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December 23, 2022

Cal-OSHA Votes to Adopt Non-Emergency COVID-19 Prevention Regulations

California’s Occupational Safety and Health Standards Board (Cal-OSHA) voted on December 15, 2022, to adopt non-emergency COVID-19 Prevention regulations. The regulations are anticipated to take effect January 2023 once approved by the Office of Administrative Law. The regulations will remain in effect for two years after their effective date, except for the recordkeeping subsections that will remain in effect for three years. The non-emergency regulations include some of the same requirements found in current COVID-19 ETS, as well as new provisions.

Cal/OSHA has created a new COVID-19 Prevention Non-Emergency Regulation webpage with an updated fact sheet. Additional resources, such as FAQs and a model written program for employers to use as an example are expected in the coming year. Current regulations remain in effect until the new regulations are approved. The regulations will apply to most workers in California who are not covered by the Aerosol Transmissible Diseases standard.

Continuing COVID-19 ETS regulations will include the following:

  • Employers must provide face coverings and ensure they are worn by employees when California Department of Public Health (CDPH) requires their use.
    • Employers must review CDPH Guidance for the Use of Face Masks to learn when employees must wear face coverings.
    • Note: Employees still have the right to wear face coverings at work and to request respirators from the employer when working indoors and during outbreaks.
  • Employers must report information about employee deaths, serious injuries, and serious occupational illnesses to Cal/OSHA, consistent with existing regulations.
  • Employers must make COVID-19 testing available at no cost and during paid time to employees following a close contact.
  • Employers must exclude COVID-19 cases from the workplace until they are no longer an infection risk and implement policies to prevent transmission after close contact.
  • Employers must review CDPH and Cal/OSHA guidance regarding ventilation, including CDPH and Cal/OSHA Interim Guidance for Ventilation, Filtration, and Air Quality in Indoor Environments. Note: Employers must also develop, implement, and maintain effective methods to prevent COVID-19 transmission by improving ventilation.

Some of the most notable changes under the new regulations include the following:

  • Employers are no longer required to maintain a standalone COVID-19 Prevention Plan (CPP). Instead, employers must now address COVID-19 as a workplace hazard under the requirements found in section 3203 (Injury and Illness Prevention Program (IIPP)), and include their CPP procedures to prevent this health hazard in their written IIPP or in a separate document.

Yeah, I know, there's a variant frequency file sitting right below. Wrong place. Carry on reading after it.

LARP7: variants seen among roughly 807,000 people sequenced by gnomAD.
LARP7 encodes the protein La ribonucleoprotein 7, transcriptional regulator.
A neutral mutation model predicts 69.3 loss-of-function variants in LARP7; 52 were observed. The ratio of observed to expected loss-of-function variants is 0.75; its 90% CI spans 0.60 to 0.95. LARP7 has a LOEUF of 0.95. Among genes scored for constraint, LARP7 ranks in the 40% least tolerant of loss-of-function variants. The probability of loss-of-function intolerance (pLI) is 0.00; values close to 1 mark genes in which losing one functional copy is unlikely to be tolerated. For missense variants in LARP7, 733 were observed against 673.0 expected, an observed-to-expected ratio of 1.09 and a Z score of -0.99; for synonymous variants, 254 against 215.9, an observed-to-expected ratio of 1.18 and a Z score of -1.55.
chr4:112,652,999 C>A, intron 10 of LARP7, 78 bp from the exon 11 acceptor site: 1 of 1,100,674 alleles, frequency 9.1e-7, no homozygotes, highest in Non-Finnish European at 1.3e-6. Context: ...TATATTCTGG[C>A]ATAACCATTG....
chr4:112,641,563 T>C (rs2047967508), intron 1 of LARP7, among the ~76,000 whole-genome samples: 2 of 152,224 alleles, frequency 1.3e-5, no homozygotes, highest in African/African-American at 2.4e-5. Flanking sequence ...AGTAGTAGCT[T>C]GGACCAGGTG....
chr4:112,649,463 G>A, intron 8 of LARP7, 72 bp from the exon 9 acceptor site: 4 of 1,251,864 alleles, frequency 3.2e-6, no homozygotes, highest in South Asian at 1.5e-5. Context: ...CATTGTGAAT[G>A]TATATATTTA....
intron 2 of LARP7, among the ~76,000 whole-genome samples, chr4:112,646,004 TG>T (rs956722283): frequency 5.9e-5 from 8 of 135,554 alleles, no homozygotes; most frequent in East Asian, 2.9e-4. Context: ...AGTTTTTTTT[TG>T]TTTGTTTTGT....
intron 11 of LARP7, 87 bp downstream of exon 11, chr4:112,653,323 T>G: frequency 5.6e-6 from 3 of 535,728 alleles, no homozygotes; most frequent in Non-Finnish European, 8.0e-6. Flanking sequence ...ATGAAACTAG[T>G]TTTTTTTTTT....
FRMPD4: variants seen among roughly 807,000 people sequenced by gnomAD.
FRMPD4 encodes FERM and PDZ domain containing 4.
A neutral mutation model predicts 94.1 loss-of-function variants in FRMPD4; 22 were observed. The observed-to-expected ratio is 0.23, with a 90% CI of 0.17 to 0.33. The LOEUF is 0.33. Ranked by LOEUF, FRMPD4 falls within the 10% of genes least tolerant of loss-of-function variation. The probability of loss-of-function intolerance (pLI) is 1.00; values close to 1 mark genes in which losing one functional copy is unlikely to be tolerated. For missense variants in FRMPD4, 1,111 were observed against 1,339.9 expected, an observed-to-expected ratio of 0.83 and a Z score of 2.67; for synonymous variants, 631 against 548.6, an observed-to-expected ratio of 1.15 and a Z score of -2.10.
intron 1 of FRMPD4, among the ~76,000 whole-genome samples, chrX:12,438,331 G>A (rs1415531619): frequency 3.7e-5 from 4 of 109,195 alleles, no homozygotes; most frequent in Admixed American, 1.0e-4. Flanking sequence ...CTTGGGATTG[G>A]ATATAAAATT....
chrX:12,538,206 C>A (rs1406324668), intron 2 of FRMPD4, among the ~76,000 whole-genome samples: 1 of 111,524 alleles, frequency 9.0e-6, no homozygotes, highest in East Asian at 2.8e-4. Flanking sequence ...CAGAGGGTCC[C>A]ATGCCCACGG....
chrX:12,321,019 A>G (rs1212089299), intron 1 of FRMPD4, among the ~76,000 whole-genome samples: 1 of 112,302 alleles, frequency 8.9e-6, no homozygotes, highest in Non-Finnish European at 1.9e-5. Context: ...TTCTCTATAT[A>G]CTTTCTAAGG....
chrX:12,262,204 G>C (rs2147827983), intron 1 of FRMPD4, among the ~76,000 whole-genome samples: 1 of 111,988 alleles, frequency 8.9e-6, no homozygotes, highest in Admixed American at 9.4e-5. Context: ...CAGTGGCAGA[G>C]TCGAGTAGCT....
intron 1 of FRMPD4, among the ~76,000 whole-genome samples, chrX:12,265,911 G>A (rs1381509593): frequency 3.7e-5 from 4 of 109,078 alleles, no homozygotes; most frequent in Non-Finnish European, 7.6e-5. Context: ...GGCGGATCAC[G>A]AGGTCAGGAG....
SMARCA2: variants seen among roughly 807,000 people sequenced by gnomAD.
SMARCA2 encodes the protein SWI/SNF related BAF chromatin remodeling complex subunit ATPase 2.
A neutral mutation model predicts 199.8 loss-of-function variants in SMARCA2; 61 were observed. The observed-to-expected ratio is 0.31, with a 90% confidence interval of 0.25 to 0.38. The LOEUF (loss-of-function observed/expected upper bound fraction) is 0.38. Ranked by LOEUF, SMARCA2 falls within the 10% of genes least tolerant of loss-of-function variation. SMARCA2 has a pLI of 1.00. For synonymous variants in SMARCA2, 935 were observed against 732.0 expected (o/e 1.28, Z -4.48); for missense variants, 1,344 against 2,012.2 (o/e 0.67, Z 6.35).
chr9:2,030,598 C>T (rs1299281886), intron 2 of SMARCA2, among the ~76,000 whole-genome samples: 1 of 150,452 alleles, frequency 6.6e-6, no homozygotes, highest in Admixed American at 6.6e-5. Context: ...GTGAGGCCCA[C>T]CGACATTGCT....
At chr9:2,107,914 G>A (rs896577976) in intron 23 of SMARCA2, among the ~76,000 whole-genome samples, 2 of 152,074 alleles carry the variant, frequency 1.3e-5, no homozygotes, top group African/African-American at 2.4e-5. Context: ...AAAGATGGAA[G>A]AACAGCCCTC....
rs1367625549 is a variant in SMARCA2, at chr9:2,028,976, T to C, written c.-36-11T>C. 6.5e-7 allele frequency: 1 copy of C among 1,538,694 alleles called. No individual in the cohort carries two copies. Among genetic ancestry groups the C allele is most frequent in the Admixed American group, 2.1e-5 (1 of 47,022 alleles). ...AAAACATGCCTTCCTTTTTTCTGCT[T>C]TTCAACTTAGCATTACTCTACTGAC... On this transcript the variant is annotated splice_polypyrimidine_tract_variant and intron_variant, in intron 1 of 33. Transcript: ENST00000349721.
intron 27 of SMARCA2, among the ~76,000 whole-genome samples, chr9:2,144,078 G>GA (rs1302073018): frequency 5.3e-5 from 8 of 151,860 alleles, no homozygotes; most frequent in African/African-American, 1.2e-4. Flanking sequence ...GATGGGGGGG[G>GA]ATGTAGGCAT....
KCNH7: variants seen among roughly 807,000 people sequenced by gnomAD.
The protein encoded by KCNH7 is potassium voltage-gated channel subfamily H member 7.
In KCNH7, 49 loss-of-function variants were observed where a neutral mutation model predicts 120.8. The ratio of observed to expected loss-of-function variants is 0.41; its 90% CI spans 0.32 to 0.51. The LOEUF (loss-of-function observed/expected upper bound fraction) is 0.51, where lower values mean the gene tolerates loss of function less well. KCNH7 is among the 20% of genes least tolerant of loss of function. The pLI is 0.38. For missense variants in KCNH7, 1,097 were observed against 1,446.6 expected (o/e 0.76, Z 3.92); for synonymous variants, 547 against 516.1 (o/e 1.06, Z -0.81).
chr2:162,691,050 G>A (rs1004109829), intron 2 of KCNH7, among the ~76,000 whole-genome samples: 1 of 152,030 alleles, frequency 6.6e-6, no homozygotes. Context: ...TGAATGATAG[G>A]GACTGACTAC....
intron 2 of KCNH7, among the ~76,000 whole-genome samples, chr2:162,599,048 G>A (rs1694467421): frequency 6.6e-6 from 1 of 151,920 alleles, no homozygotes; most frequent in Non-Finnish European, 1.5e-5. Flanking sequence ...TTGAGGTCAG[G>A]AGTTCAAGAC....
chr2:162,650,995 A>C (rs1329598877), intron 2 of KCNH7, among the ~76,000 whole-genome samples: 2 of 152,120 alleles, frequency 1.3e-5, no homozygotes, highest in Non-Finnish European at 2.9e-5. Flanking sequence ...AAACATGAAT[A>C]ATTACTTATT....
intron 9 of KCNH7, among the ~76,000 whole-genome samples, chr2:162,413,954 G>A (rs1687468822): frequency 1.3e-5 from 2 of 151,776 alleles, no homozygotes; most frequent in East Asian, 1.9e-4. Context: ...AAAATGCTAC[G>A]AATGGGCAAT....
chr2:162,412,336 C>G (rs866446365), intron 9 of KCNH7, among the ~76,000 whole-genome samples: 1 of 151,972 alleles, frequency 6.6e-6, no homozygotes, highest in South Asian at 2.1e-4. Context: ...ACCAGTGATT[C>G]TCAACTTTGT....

• Employers must do the following:
      • Provide effective COVID-19 hazard prevention training to employees.
      • Provide face coverings when required by CDPH and provide respirators upon request.
      • Identify COVID-19 health hazards and develop methods to prevent transmission in the workplace.
      • Investigate and respond to COVID-19 cases and certain employees after close contact.
      • Make testing available at no cost to employees, including to all employees in the exposed group during an outbreak or a major outbreak.
      • Notify affected employees of COVID-19 cases in the workplace.
      • Maintain records of COVID-19 cases and immediately report serious illnesses to Cal/OSHA and to the local health department when required.
  • Employers must now report major outbreaks to Cal/OSHA.
  • Employers are no longer required to pay employees exclusion pay while they are excluded from work. Instead, the regulations require employers to provide employees with information regarding COVID-19 related benefits they may be entitled to under federal, state, or local laws; their employer’s leave policies; or leave guaranteed by contract.

Changes to existing definitions for “close contact” and “exposed group” are as follows:

  • “Close contact” is now defined by looking at the size of the workplace in which the exposure takes place.
    • For indoor airspaces of 400,000 or fewer cubic feet, “close contact” is now defined as sharing the same indoor airspace with a COVID-19 case for a cumulative total of 15 minutes or more over a 24-hour period during the COVID-19 case’s infectious period.
    • For indoor airspaces of greater than 400,000 cubic feet, “close contact” is defined as being within six feet of a COVID-19 case for a cumulative total of 15 minutes or more over a 24-hour period during the COVID-19 case’s infectious period.
  • “Exposed group” is clarified to include employer-provided transportation and employees residing within employer-provided housing that are covered by the COVID-19 Prevention standards.